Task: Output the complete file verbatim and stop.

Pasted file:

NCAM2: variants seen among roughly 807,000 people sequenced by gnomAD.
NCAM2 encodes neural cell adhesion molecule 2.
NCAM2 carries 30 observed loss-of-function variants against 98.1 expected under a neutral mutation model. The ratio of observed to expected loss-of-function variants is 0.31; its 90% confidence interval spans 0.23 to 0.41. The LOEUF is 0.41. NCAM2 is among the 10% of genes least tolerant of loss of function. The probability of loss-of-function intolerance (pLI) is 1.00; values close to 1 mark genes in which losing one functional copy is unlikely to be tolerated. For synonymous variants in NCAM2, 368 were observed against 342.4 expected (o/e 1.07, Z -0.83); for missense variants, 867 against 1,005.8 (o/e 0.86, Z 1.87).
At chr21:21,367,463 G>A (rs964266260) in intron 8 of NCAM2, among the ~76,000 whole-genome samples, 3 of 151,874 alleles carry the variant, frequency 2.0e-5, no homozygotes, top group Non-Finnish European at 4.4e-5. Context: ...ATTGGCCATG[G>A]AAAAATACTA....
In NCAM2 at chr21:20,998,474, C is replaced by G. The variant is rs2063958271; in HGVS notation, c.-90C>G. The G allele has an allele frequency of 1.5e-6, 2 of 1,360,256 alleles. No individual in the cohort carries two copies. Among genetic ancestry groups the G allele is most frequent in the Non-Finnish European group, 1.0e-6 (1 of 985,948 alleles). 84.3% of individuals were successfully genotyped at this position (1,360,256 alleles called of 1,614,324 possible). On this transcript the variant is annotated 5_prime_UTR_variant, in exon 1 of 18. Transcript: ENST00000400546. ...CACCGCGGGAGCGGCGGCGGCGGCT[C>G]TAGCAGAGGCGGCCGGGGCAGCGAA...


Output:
NCAM2: variants seen among roughly 807,000 people sequenced by gnomAD.
NCAM2 encodes neural cell adhesion molecule 2.
NCAM2 carries 30 observed loss-of-function variants against 98.1 expected under a neutral mutation model. The ratio of observed to expected loss-of-function variants is 0.31; its 90% confidence interval spans 0.23 to 0.41. The LOEUF is 0.41. NCAM2 is among the 10% of genes least tolerant of loss of function. The probability of loss-of-function intolerance (pLI) is 1.00; values close to 1 mark genes in which losing one functional copy is unlikely to be tolerated. For synonymous variants in NCAM2, 368 were observed against 342.4 expected (o/e 1.07, Z -0.83); for missense variants, 867 against 1,005.8 (o/e 0.86, Z 1.87).
At chr21:21,367,463 G>A (rs964266260) in intron 8 of NCAM2, among the ~76,000 whole-genome samples, 3 of 151,874 alleles carry the variant, frequency 2.0e-5, no homozygotes, top group Non-Finnish European at 4.4e-5. Context: ...ATTGGCCATG[G>A]AAAAATACTA....
In NCAM2 at chr21:20,998,474, C is replaced by G. The variant is rs2063958271; in HGVS notation, c.-90C>G. The G allele has an allele frequency of 1.5e-6, 2 of 1,360,256 alleles. No individual in the cohort carries two copies. Among genetic ancestry groups the G allele is most frequent in the Non-Finnish European group, 1.0e-6 (1 of 985,948 alleles). 84.3% of individuals were successfully genotyped at this position (1,360,256 alleles called of 1,614,324 possible). On this transcript the variant is annotated 5_prime_UTR_variant, in exon 1 of 18. Transcript: ENST00000400546. ...CACCGCGGGAGCGGCGGCGGCGGCT[C>G]TAGCAGAGGCGGCCGGGGCAGCGAA...